The canola industry has 60,000 farmer decision-makers and a real value-added sector that processes canola seed into canola oil and meal. With 11 processing plants in five provinces and over 2,800 people directly employed in highly skilled and professional jobs, the canola industry contributes more than $6 billion annually to the Canadian economy.

  Canola oil is made from canola seed.

Canola oil is pressed from tiny canola seeds produced by beautiful yellow flowering plants of the Brassica family. Cabbages and cauliflower are also part of the same botanical family.  Canola was bred naturally from its parent rapeseed. 

Each canola plant grows anywhere from two feet to six feet tall and produces groups of yellow flowers which in turn produce seed pods about 2 inches long. Each pod turns brown as it ripens and contains twenty or more tiny round black or brownish yellow seeds. When crushed, each seed contains at least 40 percent oil up to 49 percent oil depending on the variety. The remainder of the seed is processed into canola meal, which is used as a high protein livestock feed.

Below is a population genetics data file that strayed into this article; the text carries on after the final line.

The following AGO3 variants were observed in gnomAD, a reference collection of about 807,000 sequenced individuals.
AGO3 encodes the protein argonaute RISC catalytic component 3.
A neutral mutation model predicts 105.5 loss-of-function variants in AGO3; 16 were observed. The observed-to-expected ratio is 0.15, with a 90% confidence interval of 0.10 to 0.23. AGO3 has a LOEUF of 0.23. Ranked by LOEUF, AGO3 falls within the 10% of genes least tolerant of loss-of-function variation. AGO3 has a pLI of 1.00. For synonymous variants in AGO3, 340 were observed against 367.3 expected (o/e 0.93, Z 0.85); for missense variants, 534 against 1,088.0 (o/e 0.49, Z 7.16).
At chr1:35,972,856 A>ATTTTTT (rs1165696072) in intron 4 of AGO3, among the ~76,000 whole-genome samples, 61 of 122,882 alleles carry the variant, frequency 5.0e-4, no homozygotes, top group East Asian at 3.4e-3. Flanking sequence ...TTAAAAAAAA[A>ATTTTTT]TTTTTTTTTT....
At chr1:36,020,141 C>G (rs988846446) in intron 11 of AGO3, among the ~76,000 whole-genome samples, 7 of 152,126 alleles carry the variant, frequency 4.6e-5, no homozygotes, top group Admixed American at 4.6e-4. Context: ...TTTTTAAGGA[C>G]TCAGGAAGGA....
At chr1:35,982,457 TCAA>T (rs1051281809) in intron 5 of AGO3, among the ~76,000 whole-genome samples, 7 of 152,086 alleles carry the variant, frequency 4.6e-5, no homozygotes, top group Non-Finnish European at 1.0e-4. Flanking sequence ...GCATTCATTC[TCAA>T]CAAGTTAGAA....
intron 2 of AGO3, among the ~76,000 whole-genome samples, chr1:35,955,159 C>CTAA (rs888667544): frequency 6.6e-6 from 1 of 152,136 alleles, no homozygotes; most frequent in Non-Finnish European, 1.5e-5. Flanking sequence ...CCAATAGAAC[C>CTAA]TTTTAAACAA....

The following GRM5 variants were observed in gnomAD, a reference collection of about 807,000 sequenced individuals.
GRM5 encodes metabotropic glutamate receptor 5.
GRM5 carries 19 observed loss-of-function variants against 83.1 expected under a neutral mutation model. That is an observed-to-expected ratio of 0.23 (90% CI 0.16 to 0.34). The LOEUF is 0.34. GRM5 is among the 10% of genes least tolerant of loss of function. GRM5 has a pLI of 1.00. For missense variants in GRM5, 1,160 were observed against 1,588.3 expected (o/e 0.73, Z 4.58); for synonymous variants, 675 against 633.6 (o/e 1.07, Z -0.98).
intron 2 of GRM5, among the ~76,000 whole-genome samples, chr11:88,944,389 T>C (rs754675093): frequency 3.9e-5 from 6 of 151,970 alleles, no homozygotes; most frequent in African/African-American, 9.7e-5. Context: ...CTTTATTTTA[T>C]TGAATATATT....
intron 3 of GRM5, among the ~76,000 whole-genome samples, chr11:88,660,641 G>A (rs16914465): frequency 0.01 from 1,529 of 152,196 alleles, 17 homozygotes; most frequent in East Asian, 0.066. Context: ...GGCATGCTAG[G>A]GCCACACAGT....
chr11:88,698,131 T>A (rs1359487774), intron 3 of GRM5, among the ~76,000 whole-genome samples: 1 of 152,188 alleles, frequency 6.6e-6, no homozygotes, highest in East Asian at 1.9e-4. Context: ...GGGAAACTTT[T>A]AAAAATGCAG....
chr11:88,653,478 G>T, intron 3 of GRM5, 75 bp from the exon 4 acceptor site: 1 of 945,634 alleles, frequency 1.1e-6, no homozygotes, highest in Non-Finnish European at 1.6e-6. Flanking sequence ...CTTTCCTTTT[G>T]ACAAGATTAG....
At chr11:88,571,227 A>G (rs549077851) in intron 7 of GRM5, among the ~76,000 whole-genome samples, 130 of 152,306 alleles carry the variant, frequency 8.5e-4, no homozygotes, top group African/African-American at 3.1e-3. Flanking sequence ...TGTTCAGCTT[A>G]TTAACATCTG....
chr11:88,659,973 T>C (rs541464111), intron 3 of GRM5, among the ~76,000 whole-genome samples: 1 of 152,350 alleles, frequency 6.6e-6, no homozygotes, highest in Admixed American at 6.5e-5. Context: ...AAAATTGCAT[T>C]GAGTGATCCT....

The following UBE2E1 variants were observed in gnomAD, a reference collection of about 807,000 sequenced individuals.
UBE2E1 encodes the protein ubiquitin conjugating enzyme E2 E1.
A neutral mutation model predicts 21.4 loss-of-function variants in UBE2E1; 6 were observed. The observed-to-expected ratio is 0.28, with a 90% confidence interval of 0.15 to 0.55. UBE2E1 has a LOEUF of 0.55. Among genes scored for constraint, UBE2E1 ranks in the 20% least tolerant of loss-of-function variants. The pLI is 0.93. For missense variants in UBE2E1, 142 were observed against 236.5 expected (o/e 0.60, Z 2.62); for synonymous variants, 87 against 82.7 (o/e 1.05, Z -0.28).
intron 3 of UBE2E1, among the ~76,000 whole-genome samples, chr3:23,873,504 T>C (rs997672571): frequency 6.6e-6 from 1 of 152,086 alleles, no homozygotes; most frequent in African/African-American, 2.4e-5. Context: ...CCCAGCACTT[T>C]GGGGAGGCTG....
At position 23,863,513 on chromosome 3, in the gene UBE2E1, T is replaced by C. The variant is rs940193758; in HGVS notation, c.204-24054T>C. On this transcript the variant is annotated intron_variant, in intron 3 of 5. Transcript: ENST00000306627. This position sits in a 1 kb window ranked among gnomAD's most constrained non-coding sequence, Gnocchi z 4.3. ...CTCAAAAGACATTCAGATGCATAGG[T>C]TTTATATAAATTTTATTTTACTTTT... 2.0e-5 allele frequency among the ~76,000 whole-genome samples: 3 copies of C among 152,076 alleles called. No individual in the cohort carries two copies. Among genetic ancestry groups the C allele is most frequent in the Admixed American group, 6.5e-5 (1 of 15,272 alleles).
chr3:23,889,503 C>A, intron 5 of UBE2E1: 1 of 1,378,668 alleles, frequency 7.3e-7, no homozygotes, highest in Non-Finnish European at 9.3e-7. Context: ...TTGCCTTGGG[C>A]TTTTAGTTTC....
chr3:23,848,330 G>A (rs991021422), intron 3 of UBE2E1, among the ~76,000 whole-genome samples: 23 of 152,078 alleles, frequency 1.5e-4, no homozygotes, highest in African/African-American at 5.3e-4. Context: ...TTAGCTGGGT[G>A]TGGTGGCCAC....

Where is Canola Grown

Canola is grown primarily in regions of Western Canada, with some acreage being planted in Ontario and the Pacific Northwest, north central and south-eastern United States. In Canada, the ten-year average is 11.3 million acres harvested. Canada is the biggest single producer of canola.

When canola oil is compared to other oils in today's market, canola oil has the lowest level of saturated fat (seven per cent), it is relatively high in monounsaturated fat (61 per cent), and canola oil has a moderate level of polyunsaturated fat (22 per cent). Canola oil is high (61 per cent) in the monounsaturated fatty acid oleic acid.